Judd Trump breathed a huge sigh of relief after just falling over the line in a classic and thrilling Crucible Theatre semi-final against Mark Williams in the deciding frame on Saturday night to reach the final of the Betfred World Championship in Sheffield.
The ‘Juddernaut’, looking for a second world title in four years, had been the odd man out in the last four of the blue-riband tournament - in amongst the three ‘Class of 1992’ legends of the sport in Williams, Ronnie O’Sullivan and John Higgins, and observing wryly before the match that he felt as if had strayed into a convention for the elderly.
Williams, 47, and a three-time world champion, was bidding to became the oldest player to reach the final since Ray Reardon lost to Alex Higgins in 1982 at the age of 49 – but that looked a distant dream when he found himself 12-5 adrift on Friday night in the third session of four.
That deficit meant that is world No8 Williams could have somehow emerged the victor it would have been the greatest Crucible semi-final comeback in history – and he came so close, taking the lead for the first time in the match at 16-15 only to miss a blue in the decider and see his rival Trump. 32, somehow close it out for a 17-16 win.
Along the way Williams equalled seven-time world champion Stephen Hendry’s record tally of 16 century breaks in the tournament including four more in this match. But a shattered and dazed Trump found something from deep inside to level at 16-16 to force the decider, and then shortly afterwards edge through.
Though he has been by a distance the outstanding player of the last five years, world No4 Trump has not been at his fluent best this season - despite picking up wins at the Champion of Champions and the Turkish Masters, where he made a 147 in the final in Antalya.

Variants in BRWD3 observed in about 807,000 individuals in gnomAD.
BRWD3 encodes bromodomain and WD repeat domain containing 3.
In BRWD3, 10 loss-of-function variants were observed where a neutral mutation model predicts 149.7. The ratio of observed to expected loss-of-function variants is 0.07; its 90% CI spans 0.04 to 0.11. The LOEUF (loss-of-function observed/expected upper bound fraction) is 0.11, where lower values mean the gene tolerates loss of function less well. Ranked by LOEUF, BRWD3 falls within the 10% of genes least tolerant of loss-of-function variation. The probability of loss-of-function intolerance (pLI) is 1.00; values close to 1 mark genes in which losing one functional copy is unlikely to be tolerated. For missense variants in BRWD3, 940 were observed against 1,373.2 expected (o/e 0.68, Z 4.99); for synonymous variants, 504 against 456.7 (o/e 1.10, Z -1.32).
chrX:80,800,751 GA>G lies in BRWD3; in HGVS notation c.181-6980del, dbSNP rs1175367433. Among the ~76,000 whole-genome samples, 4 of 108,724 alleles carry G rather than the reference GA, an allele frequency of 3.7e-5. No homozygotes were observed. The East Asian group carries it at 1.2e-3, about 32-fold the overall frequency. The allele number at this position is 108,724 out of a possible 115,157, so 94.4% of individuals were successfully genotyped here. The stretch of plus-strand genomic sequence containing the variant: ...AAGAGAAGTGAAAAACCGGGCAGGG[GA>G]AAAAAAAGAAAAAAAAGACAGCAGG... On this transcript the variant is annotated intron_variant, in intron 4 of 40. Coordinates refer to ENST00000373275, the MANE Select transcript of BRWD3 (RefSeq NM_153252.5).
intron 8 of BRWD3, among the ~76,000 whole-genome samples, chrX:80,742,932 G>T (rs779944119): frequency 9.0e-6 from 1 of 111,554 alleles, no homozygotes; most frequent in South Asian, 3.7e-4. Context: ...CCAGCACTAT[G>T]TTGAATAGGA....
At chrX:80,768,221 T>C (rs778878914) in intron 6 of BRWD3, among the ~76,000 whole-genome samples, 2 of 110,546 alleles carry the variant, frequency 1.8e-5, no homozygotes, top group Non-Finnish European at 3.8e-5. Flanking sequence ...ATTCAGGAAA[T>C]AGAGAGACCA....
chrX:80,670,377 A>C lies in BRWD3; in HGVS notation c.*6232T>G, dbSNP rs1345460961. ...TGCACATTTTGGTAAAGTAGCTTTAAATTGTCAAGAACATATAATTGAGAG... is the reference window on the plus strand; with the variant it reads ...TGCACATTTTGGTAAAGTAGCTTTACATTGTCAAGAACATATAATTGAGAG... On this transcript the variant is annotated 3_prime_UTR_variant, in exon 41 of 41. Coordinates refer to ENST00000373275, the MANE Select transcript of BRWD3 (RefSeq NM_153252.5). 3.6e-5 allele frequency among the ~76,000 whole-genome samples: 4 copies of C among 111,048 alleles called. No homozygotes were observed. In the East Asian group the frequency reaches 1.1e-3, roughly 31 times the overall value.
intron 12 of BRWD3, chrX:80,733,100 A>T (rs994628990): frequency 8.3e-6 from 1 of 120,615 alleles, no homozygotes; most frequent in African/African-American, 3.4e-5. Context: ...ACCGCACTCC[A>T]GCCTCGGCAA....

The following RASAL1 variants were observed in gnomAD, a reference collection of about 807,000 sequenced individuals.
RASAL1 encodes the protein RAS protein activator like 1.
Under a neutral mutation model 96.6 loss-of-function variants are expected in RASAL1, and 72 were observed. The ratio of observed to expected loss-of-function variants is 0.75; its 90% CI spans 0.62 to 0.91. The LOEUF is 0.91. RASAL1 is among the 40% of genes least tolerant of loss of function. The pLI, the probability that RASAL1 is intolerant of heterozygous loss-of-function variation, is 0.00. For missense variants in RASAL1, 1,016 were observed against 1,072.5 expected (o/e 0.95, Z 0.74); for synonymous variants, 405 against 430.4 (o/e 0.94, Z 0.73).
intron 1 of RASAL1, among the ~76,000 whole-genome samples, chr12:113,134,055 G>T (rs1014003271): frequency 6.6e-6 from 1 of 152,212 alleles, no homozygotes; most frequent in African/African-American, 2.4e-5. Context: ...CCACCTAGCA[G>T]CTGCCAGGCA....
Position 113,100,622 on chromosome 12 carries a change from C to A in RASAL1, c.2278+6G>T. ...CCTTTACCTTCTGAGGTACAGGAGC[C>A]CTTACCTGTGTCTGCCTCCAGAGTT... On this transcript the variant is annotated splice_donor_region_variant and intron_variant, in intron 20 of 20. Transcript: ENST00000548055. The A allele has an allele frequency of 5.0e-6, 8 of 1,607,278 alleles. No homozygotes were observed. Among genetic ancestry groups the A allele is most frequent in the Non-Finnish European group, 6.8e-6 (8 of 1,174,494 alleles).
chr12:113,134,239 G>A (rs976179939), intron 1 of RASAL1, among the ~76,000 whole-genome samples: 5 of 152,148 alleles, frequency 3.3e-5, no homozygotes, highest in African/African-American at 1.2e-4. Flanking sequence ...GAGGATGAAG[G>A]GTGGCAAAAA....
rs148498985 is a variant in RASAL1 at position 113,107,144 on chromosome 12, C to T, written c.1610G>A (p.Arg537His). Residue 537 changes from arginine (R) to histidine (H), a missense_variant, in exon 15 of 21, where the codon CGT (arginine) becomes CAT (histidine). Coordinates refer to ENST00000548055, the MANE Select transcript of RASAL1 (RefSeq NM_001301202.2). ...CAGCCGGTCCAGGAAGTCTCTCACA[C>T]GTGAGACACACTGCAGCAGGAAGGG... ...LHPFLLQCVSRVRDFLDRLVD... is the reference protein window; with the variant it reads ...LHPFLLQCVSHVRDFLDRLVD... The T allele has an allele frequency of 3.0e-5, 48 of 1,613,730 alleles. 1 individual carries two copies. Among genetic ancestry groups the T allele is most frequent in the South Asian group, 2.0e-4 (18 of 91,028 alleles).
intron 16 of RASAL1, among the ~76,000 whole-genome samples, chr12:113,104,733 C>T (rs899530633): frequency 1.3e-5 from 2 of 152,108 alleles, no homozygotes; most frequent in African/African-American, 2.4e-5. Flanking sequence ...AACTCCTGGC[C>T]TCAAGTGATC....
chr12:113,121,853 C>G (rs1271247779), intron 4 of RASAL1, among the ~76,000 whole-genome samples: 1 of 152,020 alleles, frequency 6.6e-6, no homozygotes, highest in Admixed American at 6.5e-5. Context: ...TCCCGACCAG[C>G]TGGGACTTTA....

Trump came into the blue-riband event playing down his chances of a second world title and trying to load the pressure on others – and having survived this battering from Williams he will now hope to produce his A-game in the final, much as he did when thrashing Higgins in the 2019 final.
Trump puffed out his cheeks after rolling in the match-clinching blue, and could barely raise an arm in celebration. He said: “There were so many emotions in that game, and I think it is the best win of my career.
“At one stage it looked like I might win easy – and then Mark started playing incredibly well and I was enjoying watching him. I had all my luck in the last frame, I was sort of going for the cross doubles but there is luck there and for two to go in, you know it’s your day. But as the tournament has gone on I have felt better and better.”
Williams said: “The first session it looked as if Judd would run away with it but I hung in there – and it was an incredible match and occasion, one of the best I have ever experienced.
“Unfortunately it is another decider I have lost and there have been a couple this season. But every credit to Judd, he got a couple of cross doubles in the decider and if he meant those, then fair play to him.”
As the match finished yesterday in such thrilling fashion it was easy to forget the opening-session issues with the playing conditions with Williams unhappy that the newly installed table for the semi-finals was not running true.
The Welshman struggled to shrug off those doubts in the first two sessions that left him six frames back and it was only falling 12-5 behind that the world No8 swiftly moved up through the gears to ensure firstly the semi-final went the distance, and then became a contest of epic proportions.
Williams resumed in the afternoon just 13-11, and despite losing the first of the day had levelled at 14-14 by the mid-session interval including a break of 137, his 15th of the tournament.
That left him one behind the all-time Crucible record of 16 century breaks set by Scot and good friend Hendry when he finished runner-up to Peter Ebdon in 2002 – and after falling 15-14 down in the 30th frame Williams promptly made another total clearance of 138 to equal it.
Trump dug very deep to take it to a decider after falling behind for the first time in the entire match at 16-15 – and then just held his nerve at the death.